Page:Origin and spread of the Tamils.djvu/13

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became drowned, thus separating various islands. This geological action is explained as the occurrence of a great deluge in the Vedic, Epic and Purānic works, Manu who survived this catastrophe became the father of mankind.

According to the account in the Bhagavata Purana, a part of the Dravida des'a which centred the Malaya Hill survived this deluge. It is said that a fish who is regarded as the first avatar of Tirumal (Sans. Visņu) showed Manu a boat nearby to save himself from being drowned. In this connection it is worth noting that the emblem of the Pandya kings of South India was the Fish. The diluvial legends are not peculiar to our country. For we have versions of this in Hebrew, Babylonian and Sumerian, not to speak of other countries of the ancient world. These legends could not be summarily dismissed as myths but should be taken to have been based on certain historical traditions as the science of Geology would undoubtedly testify, I have pointed elsewhere the striking coincidences between the Babylonian and Indian legends. It is interesting that the Mesopotamian story of the deluge retains two Tamil words mīn (fish) and nir (water) (Census of India, 1931, p. 366).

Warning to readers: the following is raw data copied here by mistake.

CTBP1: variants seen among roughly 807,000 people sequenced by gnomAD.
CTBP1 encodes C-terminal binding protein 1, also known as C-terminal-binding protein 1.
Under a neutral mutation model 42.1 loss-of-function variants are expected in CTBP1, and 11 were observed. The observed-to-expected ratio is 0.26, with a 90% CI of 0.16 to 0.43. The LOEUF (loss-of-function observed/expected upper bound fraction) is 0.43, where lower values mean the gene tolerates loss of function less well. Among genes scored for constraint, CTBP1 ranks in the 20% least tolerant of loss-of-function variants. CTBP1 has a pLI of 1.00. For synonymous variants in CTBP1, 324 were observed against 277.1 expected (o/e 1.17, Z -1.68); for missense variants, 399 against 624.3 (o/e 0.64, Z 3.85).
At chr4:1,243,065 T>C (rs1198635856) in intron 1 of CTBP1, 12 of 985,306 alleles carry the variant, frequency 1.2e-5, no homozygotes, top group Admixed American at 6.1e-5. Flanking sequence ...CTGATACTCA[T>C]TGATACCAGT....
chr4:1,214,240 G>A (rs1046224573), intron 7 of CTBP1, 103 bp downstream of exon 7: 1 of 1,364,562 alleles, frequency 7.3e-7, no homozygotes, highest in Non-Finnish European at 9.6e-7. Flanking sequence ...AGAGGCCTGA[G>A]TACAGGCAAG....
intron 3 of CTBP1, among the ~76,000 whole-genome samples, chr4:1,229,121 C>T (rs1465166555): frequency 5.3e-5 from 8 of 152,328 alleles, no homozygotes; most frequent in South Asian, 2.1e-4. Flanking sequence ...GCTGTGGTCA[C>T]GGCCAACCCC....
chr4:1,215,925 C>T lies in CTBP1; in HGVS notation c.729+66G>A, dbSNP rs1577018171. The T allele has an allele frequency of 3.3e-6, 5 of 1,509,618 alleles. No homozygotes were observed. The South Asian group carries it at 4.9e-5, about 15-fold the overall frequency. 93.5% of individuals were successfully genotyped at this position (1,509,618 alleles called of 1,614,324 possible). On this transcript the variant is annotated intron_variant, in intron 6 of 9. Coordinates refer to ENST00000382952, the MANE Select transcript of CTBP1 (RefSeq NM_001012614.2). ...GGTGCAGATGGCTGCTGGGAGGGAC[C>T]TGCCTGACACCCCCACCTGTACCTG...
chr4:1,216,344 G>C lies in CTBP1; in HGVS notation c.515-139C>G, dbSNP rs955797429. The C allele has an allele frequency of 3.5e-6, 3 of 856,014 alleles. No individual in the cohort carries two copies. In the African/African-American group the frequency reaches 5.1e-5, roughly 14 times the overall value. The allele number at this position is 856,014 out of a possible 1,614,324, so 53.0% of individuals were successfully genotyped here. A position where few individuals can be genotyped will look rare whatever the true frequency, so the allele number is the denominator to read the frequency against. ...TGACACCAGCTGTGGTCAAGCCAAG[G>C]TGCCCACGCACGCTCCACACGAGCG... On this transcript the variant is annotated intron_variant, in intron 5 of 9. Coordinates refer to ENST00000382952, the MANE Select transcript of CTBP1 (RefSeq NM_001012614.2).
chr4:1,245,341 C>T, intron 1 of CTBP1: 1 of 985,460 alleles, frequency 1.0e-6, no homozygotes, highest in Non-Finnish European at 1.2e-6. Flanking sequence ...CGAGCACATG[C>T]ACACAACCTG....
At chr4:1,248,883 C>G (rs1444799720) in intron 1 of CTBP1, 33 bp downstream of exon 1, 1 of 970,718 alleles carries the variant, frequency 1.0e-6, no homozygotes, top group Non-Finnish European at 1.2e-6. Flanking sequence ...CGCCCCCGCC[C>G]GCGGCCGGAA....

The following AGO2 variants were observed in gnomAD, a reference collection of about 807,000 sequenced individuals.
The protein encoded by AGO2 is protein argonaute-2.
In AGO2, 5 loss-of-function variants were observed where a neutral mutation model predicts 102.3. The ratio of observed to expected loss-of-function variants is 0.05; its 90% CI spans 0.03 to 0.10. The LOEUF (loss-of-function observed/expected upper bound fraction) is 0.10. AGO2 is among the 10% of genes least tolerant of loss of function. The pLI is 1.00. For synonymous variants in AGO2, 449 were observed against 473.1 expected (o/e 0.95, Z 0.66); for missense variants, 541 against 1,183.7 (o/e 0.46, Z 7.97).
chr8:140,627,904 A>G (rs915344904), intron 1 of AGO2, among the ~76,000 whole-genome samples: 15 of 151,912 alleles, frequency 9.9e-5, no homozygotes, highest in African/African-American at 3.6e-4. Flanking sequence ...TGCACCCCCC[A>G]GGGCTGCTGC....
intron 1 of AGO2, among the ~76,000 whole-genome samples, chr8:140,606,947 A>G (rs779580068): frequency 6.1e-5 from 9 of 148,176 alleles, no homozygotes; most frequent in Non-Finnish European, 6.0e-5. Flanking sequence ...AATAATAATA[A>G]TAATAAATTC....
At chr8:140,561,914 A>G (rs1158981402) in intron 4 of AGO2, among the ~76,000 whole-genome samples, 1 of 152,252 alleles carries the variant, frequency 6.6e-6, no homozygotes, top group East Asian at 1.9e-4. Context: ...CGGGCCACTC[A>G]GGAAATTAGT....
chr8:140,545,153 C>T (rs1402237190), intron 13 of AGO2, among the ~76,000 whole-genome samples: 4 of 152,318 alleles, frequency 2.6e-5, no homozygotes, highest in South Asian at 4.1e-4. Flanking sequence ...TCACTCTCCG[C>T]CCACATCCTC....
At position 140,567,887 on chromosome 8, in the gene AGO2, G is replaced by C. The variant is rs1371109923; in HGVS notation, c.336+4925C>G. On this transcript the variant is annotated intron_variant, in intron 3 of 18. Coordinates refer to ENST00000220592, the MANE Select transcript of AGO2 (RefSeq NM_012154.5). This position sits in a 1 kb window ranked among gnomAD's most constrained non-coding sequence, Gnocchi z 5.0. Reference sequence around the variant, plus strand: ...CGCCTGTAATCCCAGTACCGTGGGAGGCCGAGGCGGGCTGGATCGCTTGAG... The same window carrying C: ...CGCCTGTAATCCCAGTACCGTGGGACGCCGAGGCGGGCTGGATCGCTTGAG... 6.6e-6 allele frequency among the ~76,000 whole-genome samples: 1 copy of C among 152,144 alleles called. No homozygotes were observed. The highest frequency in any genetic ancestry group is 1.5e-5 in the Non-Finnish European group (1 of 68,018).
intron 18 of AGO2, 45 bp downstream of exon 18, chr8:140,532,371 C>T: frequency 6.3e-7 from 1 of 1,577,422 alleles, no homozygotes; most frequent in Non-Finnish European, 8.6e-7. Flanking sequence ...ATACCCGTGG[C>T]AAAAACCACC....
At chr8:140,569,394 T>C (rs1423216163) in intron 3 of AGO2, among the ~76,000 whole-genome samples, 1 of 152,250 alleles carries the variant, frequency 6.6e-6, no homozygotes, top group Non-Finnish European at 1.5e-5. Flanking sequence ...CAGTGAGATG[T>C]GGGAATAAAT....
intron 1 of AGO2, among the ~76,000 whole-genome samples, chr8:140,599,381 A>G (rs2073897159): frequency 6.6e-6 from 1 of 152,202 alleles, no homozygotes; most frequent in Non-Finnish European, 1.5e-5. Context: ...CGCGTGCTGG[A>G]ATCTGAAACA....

According to the evidence of Geology, rocks of great antiquity—whether they are the Deccan traps or the foundation rocks of the south—have been found in the Indian Peninsula which forms one of the ancient land-surfaces of the globe. The Nilgiris, the Palni and Anamalais hills are supposed to be primeval ones, And